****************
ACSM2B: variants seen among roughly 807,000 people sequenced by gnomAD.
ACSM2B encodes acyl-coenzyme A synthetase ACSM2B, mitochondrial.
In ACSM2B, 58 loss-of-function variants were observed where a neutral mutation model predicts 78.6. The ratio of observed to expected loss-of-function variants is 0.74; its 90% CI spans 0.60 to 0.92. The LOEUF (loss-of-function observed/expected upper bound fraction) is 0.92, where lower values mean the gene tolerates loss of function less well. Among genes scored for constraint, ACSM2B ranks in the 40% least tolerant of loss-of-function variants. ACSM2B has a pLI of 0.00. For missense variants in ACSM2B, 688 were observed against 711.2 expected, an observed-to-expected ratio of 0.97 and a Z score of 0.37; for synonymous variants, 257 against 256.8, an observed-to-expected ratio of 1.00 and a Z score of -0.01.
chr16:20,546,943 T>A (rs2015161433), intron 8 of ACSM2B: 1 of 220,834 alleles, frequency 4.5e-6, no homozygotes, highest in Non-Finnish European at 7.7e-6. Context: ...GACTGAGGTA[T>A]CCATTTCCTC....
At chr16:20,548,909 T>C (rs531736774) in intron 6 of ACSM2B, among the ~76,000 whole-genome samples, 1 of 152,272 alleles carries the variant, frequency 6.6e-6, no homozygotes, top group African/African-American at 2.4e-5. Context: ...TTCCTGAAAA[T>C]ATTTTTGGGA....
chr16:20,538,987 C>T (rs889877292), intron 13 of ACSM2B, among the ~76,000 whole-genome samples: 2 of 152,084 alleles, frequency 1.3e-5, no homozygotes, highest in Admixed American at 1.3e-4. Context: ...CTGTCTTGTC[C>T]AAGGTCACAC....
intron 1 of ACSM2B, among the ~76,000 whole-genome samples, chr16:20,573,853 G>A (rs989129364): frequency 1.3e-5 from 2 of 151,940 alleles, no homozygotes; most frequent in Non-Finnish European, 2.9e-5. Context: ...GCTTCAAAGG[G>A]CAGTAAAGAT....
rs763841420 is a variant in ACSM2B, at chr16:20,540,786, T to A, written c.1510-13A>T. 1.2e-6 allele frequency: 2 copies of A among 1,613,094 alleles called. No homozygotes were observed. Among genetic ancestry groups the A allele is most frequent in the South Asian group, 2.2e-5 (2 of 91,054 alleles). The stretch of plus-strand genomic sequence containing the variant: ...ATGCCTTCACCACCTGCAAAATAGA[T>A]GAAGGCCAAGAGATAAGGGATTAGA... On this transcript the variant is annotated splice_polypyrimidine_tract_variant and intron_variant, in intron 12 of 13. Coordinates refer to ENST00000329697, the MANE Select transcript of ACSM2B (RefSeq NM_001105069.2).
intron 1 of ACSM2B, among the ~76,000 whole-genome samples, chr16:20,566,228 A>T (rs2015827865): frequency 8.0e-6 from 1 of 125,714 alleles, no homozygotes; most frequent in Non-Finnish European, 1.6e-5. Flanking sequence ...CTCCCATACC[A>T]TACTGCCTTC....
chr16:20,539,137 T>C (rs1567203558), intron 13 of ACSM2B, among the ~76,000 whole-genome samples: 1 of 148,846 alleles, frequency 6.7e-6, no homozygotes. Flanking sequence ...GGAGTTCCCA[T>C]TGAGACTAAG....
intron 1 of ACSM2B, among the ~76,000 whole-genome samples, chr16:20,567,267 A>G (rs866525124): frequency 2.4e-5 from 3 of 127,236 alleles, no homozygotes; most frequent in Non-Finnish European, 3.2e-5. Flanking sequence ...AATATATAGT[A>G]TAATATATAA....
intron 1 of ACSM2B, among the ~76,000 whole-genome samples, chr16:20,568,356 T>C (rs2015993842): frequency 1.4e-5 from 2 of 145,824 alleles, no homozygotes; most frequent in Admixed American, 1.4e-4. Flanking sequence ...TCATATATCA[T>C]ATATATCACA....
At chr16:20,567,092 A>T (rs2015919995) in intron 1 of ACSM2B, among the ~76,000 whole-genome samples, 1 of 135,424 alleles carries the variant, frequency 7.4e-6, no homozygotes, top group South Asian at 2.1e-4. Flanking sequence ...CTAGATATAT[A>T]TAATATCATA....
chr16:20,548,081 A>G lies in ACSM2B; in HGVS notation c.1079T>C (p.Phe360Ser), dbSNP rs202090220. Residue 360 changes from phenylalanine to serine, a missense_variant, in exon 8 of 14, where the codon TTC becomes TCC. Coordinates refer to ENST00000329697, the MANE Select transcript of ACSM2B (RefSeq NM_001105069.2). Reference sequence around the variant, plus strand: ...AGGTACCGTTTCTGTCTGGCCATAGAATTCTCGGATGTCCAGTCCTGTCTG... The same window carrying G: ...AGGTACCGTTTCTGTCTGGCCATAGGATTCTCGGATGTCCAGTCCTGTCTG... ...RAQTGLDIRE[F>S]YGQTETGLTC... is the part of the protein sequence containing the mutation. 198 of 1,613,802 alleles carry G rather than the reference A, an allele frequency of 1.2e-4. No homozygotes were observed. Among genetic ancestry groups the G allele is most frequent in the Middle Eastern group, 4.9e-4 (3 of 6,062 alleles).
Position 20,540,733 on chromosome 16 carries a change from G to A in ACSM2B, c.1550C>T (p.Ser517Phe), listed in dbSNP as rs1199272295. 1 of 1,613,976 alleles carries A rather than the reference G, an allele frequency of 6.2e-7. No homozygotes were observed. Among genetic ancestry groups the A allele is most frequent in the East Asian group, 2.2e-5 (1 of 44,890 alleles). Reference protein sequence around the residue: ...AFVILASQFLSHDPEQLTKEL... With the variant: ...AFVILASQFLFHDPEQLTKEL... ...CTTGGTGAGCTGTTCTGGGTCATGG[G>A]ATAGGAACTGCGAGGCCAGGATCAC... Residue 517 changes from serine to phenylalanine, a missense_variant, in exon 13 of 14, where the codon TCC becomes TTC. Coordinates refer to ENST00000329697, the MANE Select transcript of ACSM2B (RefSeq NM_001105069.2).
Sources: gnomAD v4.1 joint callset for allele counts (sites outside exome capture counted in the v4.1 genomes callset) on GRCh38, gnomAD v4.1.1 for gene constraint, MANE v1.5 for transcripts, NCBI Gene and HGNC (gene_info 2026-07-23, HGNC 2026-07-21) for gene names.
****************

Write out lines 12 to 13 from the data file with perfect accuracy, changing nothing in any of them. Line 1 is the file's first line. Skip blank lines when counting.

intron 1 of ACSM2B, among the ~76,000 whole-genome samples, chr16:20,568,356 T>C (rs2015993842): frequency 1.4e-5 from 2 of 145,824 alleles, no homozygotes; most frequent in Admixed American, 1.4e-4. Flanking sequence ...TCATATATCA[T>C]ATATATCACA....
At chr16:20,567,092 A>T (rs2015919995) in intron 1 of ACSM2B, among the ~76,000 whole-genome samples, 1 of 135,424 alleles carries the variant, frequency 7.4e-6, no homozygotes, top group South Asian at 2.1e-4. Flanking sequence ...CTAGATATAT[A>T]TAATATCATA....